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Calc book for reviewing calc I-III

  1. Aug 13, 2013 #1
    Hi everyone. I got my BS in physics 5 years ago, and I've gotten the urge to brush up on my math and physics, as I haven't used it much since graduating.

    I'm looking for a book that I can use to brush up on calc I - III. I really want a book that is heavy on real-world problems (I'm thinking science- or engineering-related problems). Spivak gets mentioned a lot here, but I get bored with proofs, so I don't think it's for me. I used the Stewart book back in college, but I don't remember a whole lot about it. I've also seen the Larson, Anton, and Thomas books get mentioned as "standard" calc textbooks. I've bought the Schaum's outline for Calculus (and diff eq), but they are both just so dry and dull.

    Actually, I'm looking at the Google Books preview of the Stewart book, and it contains a lot of real-world problems. Why do people hate the Stewart book so much?

    So, any suggestions? Thanks!
     
    Last edited: Aug 13, 2013
  2. jcsd
  3. Aug 14, 2013 #2

    verty

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    I did a quick look for books that seem less dry or at least more helpful with their explanations.

    https://www.amazon.com/Calculus-Tra...mm_pap_title_0?ie=UTF8&qid=1376461902&sr=8-68 -- 1240 pages
    https://www.amazon.com/Calculus-Earl-W-Swokowski/dp/0534936245 - 1408 pages
    https://www.amazon.com/Calculus-Int...qid=1376462750&sr=8-1&keywords=calculus+kline - 960 pages

    The one I'd choose is Edwards & Penney, it has a ton of content and all the reviews I've found now and before were glowing. But read more about each and then decide.
     
    Last edited by a moderator: May 6, 2017
  4. Aug 14, 2013 #3
    Thanks for the reply. I was looking at the Kline book you mentioned, and it may be a good bet.
     
  5. Aug 14, 2013 #4

    QuantumCurt

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    For self study/review...I would avoid the Larson book like the plague. My school uses Larson books for all of the math from Elementary Algebra up to Calc III, and they're awful. They offer very little in the way of actual explanations of the theory behind the subjects. It's more like "here's an example of an incredibly simple problem, and we will now assume that you can solve problems that are 10 times more difficult."

    If you're just looking for a book with a lot of exercises, the Larson books are good. Some of the exercises are very challenging, and they do progress in difficulty in each section quite well. The exercises in each section start with simpler, basic problems, and move up through sets of problems with each concept contained in the section. Then each section ends with a set of problems that incorporate all of the concepts from the section, as well as a set of word problems, some of which are quite challenging.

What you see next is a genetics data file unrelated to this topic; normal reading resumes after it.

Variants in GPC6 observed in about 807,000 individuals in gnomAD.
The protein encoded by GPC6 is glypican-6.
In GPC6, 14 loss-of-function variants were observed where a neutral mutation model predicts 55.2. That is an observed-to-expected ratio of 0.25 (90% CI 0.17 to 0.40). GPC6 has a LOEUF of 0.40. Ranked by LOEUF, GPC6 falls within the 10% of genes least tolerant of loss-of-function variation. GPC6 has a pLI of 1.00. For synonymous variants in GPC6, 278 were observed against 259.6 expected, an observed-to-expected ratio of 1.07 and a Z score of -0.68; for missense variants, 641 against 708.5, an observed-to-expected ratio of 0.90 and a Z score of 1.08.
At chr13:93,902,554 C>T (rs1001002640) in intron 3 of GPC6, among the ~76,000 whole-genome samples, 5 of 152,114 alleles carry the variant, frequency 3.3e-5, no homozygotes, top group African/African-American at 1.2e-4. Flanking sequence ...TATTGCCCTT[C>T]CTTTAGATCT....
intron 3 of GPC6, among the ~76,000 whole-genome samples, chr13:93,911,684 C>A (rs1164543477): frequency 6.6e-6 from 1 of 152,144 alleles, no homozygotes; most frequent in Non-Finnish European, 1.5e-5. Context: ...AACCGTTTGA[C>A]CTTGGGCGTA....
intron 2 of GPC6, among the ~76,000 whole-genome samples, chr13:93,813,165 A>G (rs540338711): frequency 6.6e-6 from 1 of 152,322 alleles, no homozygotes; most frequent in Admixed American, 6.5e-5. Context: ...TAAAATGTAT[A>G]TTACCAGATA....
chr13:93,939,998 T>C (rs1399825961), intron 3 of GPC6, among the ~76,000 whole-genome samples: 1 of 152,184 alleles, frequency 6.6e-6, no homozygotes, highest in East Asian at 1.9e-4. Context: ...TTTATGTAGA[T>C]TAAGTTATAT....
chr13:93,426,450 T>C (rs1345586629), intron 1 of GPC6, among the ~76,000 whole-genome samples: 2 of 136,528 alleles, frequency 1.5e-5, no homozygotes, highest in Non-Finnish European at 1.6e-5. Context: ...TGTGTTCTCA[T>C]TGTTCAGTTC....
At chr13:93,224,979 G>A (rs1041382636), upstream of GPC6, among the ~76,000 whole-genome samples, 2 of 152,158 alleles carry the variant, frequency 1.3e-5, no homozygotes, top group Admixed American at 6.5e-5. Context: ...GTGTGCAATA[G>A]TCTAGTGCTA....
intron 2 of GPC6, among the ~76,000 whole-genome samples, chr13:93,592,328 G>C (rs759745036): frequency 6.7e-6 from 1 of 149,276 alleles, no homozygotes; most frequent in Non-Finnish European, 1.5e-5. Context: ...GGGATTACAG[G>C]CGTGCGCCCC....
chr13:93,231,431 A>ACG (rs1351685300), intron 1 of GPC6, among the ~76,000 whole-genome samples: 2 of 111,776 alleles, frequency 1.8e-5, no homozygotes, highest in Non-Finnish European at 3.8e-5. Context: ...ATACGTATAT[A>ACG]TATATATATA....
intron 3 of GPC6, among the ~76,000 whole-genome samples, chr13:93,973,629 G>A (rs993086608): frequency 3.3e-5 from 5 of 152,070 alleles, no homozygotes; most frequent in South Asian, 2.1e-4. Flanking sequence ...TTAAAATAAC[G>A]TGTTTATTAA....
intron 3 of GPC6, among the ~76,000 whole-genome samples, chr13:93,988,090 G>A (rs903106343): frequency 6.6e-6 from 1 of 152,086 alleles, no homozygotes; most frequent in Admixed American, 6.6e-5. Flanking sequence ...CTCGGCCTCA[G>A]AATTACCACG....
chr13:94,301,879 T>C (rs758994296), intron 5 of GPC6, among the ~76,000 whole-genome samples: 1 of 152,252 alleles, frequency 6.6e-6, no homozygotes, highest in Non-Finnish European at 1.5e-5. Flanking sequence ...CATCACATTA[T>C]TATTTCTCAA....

However, many other books offer similar sets of exercises, but couple them with good explanations.
     
  6. Aug 24, 2013 #5

    jasonRF

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    Here is a free book online from Benjamin Crowell (is he the same fellow here on PF?) that covers single variable calculus. At a first glance it looks like it has some interesting problems for a physicist:

    http://www.lightandmatter.com/calc/

    Another book that might hit the right spot for a physicist looking at math, more at the calc III level and beyond, is the book by James nearing:

    http://www.physics.miami.edu/~nearing/mathmethods/

    I have not read my final idea (and it isn't free), but The Theoretical Minimum by Susskind looks interesting:

    https://www.amazon.com/The-Theoreti...377381239&sr=8-1&keywords=theoretical+minimum


    Jason
     
    Last edited by a moderator: May 6, 2017
  7. Aug 26, 2013 #6
    Thanks. I'll be avoiding the Larson book. I have ran across the stuff by Benjamin Crowell before, but I forgot about it. I have been considering getting The Theoretical Minimum as well, it does sound interesting.
     
  8. Aug 26, 2013 #7
  9. Aug 27, 2013 #8

    symbolipoint

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    A "Larson" authored textbook of Calculus would not be awful. It is adequate for review of concepts and for exercises. I used an older version of one of their Calculus books. A better book, although limited to single-variable, is a James Stewart Calculus textbook, which seems to be very good on explaining the concepts. Another book not quite as good, but could help fill in some of the concepts is a Howard Anton book on Calculus, a really thick book that includes the multivariable stuff.
     
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